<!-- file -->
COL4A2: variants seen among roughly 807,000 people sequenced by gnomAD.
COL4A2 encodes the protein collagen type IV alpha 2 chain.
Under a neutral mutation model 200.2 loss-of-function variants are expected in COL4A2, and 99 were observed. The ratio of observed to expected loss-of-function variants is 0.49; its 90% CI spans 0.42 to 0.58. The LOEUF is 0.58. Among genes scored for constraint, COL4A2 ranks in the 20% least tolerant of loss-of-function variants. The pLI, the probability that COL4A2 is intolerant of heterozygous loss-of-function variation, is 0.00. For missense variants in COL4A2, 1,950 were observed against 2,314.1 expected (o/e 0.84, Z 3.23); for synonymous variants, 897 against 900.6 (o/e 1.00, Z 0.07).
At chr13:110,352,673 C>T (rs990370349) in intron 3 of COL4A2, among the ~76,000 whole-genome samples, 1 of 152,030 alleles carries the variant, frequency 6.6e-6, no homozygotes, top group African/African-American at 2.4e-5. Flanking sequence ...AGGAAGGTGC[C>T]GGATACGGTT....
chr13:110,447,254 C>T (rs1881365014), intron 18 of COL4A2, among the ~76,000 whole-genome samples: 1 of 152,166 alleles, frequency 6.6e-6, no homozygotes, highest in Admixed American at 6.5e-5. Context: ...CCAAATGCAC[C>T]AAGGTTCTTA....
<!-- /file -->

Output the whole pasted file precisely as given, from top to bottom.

COL4A2: variants seen among roughly 807,000 people sequenced by gnomAD.
COL4A2 encodes the protein collagen type IV alpha 2 chain.
Under a neutral mutation model 200.2 loss-of-function variants are expected in COL4A2, and 99 were observed. The ratio of observed to expected loss-of-function variants is 0.49; its 90% CI spans 0.42 to 0.58. The LOEUF is 0.58. Among genes scored for constraint, COL4A2 ranks in the 20% least tolerant of loss-of-function variants. The pLI, the probability that COL4A2 is intolerant of heterozygous loss-of-function variation, is 0.00. For missense variants in COL4A2, 1,950 were observed against 2,314.1 expected (o/e 0.84, Z 3.23); for synonymous variants, 897 against 900.6 (o/e 1.00, Z 0.07).
At chr13:110,352,673 C>T (rs990370349) in intron 3 of COL4A2, among the ~76,000 whole-genome samples, 1 of 152,030 alleles carries the variant, frequency 6.6e-6, no homozygotes, top group African/African-American at 2.4e-5. Flanking sequence ...AGGAAGGTGC[C>T]GGATACGGTT....
chr13:110,447,254 C>T (rs1881365014), intron 18 of COL4A2, among the ~76,000 whole-genome samples: 1 of 152,166 alleles, frequency 6.6e-6, no homozygotes, highest in Admixed American at 6.5e-5. Context: ...CCAAATGCAC[C>T]AAGGTTCTTA....